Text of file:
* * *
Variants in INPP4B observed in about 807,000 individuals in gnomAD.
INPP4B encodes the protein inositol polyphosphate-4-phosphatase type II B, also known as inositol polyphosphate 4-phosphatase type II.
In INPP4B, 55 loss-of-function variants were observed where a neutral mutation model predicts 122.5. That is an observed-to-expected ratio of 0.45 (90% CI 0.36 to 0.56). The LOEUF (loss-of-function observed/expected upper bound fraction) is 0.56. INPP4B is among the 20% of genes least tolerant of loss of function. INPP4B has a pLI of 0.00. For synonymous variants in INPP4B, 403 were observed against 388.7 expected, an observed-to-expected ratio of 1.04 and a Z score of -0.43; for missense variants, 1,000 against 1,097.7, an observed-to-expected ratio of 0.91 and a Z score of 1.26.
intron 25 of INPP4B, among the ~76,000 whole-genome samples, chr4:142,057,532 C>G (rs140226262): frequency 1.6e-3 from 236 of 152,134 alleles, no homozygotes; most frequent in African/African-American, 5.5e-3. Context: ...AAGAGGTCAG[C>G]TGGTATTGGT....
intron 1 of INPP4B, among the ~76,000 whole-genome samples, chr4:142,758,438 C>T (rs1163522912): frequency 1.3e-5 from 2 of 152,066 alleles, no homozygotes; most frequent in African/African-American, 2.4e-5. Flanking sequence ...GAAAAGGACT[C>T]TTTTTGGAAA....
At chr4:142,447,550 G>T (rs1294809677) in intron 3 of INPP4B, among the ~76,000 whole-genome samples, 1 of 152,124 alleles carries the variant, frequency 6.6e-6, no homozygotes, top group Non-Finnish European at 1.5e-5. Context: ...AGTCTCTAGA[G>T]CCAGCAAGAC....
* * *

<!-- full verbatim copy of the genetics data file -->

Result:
Variants in INPP4B observed in about 807,000 individuals in gnomAD.
INPP4B encodes the protein inositol polyphosphate-4-phosphatase type II B, also known as inositol polyphosphate 4-phosphatase type II.
In INPP4B, 55 loss-of-function variants were observed where a neutral mutation model predicts 122.5. That is an observed-to-expected ratio of 0.45 (90% CI 0.36 to 0.56). The LOEUF (loss-of-function observed/expected upper bound fraction) is 0.56. INPP4B is among the 20% of genes least tolerant of loss of function. INPP4B has a pLI of 0.00. For synonymous variants in INPP4B, 403 were observed against 388.7 expected, an observed-to-expected ratio of 1.04 and a Z score of -0.43; for missense variants, 1,000 against 1,097.7, an observed-to-expected ratio of 0.91 and a Z score of 1.26.
intron 25 of INPP4B, among the ~76,000 whole-genome samples, chr4:142,057,532 C>G (rs140226262): frequency 1.6e-3 from 236 of 152,134 alleles, no homozygotes; most frequent in African/African-American, 5.5e-3. Context: ...AAGAGGTCAG[C>G]TGGTATTGGT....
intron 1 of INPP4B, among the ~76,000 whole-genome samples, chr4:142,758,438 C>T (rs1163522912): frequency 1.3e-5 from 2 of 152,066 alleles, no homozygotes; most frequent in African/African-American, 2.4e-5. Flanking sequence ...GAAAAGGACT[C>T]TTTTTGGAAA....
At chr4:142,447,550 G>T (rs1294809677) in intron 3 of INPP4B, among the ~76,000 whole-genome samples, 1 of 152,124 alleles carries the variant, frequency 6.6e-6, no homozygotes, top group Non-Finnish European at 1.5e-5. Context: ...AGTCTCTAGA[G>T]CCAGCAAGAC....